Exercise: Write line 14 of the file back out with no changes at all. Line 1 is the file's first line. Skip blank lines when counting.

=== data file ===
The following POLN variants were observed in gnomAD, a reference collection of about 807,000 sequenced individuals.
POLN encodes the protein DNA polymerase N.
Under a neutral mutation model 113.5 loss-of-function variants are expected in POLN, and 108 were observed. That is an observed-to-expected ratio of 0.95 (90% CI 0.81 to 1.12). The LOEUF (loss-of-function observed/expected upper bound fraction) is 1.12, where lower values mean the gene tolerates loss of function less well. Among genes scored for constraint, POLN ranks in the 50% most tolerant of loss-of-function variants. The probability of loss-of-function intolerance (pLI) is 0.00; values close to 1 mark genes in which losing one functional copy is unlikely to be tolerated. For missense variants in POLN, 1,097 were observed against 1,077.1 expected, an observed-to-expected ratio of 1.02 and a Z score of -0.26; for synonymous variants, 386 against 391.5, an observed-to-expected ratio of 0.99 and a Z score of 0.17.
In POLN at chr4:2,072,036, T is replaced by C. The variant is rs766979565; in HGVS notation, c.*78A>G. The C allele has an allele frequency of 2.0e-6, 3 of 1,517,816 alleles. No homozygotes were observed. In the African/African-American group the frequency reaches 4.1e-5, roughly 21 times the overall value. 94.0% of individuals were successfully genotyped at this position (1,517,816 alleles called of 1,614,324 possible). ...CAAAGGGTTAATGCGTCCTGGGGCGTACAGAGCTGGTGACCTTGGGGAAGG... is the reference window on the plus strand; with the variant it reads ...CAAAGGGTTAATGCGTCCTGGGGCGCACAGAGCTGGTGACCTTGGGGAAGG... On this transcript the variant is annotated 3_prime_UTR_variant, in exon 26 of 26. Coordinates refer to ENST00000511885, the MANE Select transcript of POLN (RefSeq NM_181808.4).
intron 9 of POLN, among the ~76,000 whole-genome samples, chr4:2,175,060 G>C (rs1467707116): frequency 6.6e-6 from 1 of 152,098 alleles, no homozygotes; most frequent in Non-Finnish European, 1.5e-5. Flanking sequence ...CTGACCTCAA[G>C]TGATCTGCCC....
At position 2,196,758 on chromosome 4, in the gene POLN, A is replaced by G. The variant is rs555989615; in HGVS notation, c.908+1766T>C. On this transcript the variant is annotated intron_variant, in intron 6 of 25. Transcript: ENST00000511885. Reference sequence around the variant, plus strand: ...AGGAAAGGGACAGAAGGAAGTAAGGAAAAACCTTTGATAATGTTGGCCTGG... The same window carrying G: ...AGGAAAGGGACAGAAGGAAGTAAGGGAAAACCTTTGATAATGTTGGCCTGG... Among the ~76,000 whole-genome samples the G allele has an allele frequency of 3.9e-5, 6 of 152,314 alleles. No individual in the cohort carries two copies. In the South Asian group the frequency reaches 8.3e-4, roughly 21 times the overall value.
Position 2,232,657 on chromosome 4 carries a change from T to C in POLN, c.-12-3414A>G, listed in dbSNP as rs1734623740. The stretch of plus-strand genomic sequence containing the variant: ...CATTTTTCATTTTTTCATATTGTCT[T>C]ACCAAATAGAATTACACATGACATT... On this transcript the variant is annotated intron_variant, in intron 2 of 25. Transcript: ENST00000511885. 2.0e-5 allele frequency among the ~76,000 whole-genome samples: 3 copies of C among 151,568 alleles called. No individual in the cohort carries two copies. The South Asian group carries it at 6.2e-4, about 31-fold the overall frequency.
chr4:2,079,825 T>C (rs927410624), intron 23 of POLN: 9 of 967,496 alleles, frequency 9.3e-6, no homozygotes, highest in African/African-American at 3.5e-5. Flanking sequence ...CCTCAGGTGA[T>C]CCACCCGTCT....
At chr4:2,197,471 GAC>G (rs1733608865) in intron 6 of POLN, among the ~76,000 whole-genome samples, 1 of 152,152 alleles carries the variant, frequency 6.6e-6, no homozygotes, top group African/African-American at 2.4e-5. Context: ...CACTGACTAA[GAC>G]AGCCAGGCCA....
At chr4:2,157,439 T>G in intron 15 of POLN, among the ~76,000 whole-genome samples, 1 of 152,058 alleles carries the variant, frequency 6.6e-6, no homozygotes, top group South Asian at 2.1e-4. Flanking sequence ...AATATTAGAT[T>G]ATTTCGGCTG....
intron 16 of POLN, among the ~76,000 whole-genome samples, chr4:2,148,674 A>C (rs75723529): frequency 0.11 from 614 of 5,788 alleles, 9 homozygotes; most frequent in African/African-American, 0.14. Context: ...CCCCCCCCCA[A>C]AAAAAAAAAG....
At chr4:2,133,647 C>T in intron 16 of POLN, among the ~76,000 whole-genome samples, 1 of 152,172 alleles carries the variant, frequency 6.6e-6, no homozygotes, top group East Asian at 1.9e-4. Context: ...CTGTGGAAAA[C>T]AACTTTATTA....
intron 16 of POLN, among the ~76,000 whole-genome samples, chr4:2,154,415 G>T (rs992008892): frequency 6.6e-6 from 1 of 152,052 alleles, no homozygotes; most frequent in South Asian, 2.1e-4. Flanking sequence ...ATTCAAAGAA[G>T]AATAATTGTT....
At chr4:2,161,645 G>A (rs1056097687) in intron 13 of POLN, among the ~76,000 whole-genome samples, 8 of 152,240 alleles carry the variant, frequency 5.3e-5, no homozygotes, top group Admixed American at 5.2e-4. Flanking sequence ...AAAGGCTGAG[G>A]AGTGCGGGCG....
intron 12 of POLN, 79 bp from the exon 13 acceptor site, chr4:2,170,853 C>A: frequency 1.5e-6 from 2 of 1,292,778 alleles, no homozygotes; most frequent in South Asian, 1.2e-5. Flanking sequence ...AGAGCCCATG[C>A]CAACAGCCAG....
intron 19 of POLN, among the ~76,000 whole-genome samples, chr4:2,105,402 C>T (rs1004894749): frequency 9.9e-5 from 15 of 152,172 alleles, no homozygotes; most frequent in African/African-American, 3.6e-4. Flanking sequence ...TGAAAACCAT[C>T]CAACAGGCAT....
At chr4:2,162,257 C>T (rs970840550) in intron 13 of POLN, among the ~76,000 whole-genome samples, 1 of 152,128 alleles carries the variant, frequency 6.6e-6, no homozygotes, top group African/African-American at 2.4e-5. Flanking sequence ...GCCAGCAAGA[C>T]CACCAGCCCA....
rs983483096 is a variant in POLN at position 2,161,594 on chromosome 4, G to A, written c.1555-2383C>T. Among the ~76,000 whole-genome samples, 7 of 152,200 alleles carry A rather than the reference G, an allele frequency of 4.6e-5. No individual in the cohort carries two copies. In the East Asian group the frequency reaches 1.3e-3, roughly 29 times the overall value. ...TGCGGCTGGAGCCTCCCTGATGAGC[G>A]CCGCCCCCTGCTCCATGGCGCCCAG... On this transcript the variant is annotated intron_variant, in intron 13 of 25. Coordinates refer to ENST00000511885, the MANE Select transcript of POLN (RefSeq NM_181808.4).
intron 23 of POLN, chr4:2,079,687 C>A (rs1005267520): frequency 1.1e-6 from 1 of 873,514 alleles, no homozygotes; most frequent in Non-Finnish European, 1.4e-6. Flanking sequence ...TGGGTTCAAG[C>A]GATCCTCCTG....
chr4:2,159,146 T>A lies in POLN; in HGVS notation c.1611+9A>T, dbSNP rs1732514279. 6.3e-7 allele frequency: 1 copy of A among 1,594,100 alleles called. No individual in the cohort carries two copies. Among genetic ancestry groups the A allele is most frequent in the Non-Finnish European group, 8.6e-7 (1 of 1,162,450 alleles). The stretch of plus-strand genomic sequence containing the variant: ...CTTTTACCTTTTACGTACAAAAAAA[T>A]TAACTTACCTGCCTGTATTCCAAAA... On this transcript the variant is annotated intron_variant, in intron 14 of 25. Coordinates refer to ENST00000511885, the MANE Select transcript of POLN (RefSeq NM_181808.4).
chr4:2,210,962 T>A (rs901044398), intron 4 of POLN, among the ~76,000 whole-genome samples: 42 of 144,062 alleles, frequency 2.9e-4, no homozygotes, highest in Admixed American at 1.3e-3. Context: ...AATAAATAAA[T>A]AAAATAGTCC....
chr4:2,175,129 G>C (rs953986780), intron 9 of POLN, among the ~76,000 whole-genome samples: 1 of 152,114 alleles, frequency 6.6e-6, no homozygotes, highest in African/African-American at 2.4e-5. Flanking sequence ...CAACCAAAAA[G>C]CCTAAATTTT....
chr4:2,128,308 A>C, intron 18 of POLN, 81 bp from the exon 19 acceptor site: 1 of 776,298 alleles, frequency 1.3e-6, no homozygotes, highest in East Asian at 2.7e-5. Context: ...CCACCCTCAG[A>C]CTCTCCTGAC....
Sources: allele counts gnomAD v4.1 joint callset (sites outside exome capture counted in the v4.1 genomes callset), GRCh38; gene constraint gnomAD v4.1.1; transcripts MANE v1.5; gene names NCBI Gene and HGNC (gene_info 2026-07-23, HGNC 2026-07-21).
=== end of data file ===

At chr4:2,161,645 G>A (rs1056097687) in intron 13 of POLN, among the ~76,000 whole-genome samples, 8 of 152,240 alleles carry the variant, frequency 5.3e-5, no homozygotes, top group Admixed American at 5.2e-4. Flanking sequence ...AAAGGCTGAG[G>A]AGTGCGGGCG....